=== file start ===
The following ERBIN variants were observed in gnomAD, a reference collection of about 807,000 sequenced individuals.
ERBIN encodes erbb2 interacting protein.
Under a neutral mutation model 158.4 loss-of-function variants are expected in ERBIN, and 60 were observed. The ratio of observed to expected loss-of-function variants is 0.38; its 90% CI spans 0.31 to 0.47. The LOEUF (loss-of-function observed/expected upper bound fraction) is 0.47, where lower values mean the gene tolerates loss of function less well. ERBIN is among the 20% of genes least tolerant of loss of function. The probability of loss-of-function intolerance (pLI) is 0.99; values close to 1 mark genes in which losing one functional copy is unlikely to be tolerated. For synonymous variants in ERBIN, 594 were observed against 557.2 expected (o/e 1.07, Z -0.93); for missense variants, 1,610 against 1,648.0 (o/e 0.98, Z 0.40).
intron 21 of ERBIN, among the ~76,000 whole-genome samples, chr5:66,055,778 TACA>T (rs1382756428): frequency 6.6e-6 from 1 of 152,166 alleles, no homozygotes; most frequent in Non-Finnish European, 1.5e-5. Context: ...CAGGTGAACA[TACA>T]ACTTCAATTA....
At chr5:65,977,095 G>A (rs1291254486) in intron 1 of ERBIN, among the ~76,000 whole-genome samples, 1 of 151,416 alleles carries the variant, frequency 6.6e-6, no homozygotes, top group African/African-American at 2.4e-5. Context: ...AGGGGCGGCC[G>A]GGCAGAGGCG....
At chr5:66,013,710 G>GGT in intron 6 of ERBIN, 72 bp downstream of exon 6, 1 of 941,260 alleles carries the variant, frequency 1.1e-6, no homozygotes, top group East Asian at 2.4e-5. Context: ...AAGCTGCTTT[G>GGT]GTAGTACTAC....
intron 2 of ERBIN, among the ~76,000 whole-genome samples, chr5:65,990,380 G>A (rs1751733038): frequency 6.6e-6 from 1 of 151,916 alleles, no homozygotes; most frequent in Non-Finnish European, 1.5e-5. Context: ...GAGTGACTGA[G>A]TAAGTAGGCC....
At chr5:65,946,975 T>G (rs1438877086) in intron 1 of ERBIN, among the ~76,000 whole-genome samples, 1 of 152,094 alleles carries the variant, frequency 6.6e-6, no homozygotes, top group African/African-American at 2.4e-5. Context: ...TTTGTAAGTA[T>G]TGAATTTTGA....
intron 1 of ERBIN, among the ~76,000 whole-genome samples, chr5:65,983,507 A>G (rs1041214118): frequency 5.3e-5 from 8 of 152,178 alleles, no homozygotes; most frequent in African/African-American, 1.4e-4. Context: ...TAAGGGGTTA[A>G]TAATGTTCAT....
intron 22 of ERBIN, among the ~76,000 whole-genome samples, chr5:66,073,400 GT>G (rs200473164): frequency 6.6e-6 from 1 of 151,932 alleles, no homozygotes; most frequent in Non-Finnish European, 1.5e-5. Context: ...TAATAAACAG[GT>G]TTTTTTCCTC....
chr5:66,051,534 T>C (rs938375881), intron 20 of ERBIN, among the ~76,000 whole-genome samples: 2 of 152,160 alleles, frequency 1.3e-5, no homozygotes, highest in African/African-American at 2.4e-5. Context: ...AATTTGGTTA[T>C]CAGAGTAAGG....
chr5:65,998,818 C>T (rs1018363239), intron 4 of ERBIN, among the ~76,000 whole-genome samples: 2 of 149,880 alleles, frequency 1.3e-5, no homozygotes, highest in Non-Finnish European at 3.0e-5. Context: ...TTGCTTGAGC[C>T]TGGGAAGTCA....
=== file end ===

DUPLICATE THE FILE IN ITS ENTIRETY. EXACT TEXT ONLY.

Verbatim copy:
The following ERBIN variants were observed in gnomAD, a reference collection of about 807,000 sequenced individuals.
ERBIN encodes erbb2 interacting protein.
Under a neutral mutation model 158.4 loss-of-function variants are expected in ERBIN, and 60 were observed. The ratio of observed to expected loss-of-function variants is 0.38; its 90% CI spans 0.31 to 0.47. The LOEUF (loss-of-function observed/expected upper bound fraction) is 0.47, where lower values mean the gene tolerates loss of function less well. ERBIN is among the 20% of genes least tolerant of loss of function. The probability of loss-of-function intolerance (pLI) is 0.99; values close to 1 mark genes in which losing one functional copy is unlikely to be tolerated. For synonymous variants in ERBIN, 594 were observed against 557.2 expected (o/e 1.07, Z -0.93); for missense variants, 1,610 against 1,648.0 (o/e 0.98, Z 0.40).
intron 21 of ERBIN, among the ~76,000 whole-genome samples, chr5:66,055,778 TACA>T (rs1382756428): frequency 6.6e-6 from 1 of 152,166 alleles, no homozygotes; most frequent in Non-Finnish European, 1.5e-5. Context: ...CAGGTGAACA[TACA>T]ACTTCAATTA....
At chr5:65,977,095 G>A (rs1291254486) in intron 1 of ERBIN, among the ~76,000 whole-genome samples, 1 of 151,416 alleles carries the variant, frequency 6.6e-6, no homozygotes, top group African/African-American at 2.4e-5. Context: ...AGGGGCGGCC[G>A]GGCAGAGGCG....
At chr5:66,013,710 G>GGT in intron 6 of ERBIN, 72 bp downstream of exon 6, 1 of 941,260 alleles carries the variant, frequency 1.1e-6, no homozygotes, top group East Asian at 2.4e-5. Context: ...AAGCTGCTTT[G>GGT]GTAGTACTAC....
intron 2 of ERBIN, among the ~76,000 whole-genome samples, chr5:65,990,380 G>A (rs1751733038): frequency 6.6e-6 from 1 of 151,916 alleles, no homozygotes; most frequent in Non-Finnish European, 1.5e-5. Context: ...GAGTGACTGA[G>A]TAAGTAGGCC....
At chr5:65,946,975 T>G (rs1438877086) in intron 1 of ERBIN, among the ~76,000 whole-genome samples, 1 of 152,094 alleles carries the variant, frequency 6.6e-6, no homozygotes, top group African/African-American at 2.4e-5. Context: ...TTTGTAAGTA[T>G]TGAATTTTGA....
intron 1 of ERBIN, among the ~76,000 whole-genome samples, chr5:65,983,507 A>G (rs1041214118): frequency 5.3e-5 from 8 of 152,178 alleles, no homozygotes; most frequent in African/African-American, 1.4e-4. Context: ...TAAGGGGTTA[A>G]TAATGTTCAT....
intron 22 of ERBIN, among the ~76,000 whole-genome samples, chr5:66,073,400 GT>G (rs200473164): frequency 6.6e-6 from 1 of 151,932 alleles, no homozygotes; most frequent in Non-Finnish European, 1.5e-5. Context: ...TAATAAACAG[GT>G]TTTTTTCCTC....
chr5:66,051,534 T>C (rs938375881), intron 20 of ERBIN, among the ~76,000 whole-genome samples: 2 of 152,160 alleles, frequency 1.3e-5, no homozygotes, highest in African/African-American at 2.4e-5. Context: ...AATTTGGTTA[T>C]CAGAGTAAGG....
chr5:65,998,818 C>T (rs1018363239), intron 4 of ERBIN, among the ~76,000 whole-genome samples: 2 of 149,880 alleles, frequency 1.3e-5, no homozygotes, highest in Non-Finnish European at 3.0e-5. Context: ...TTGCTTGAGC[C>T]TGGGAAGTCA....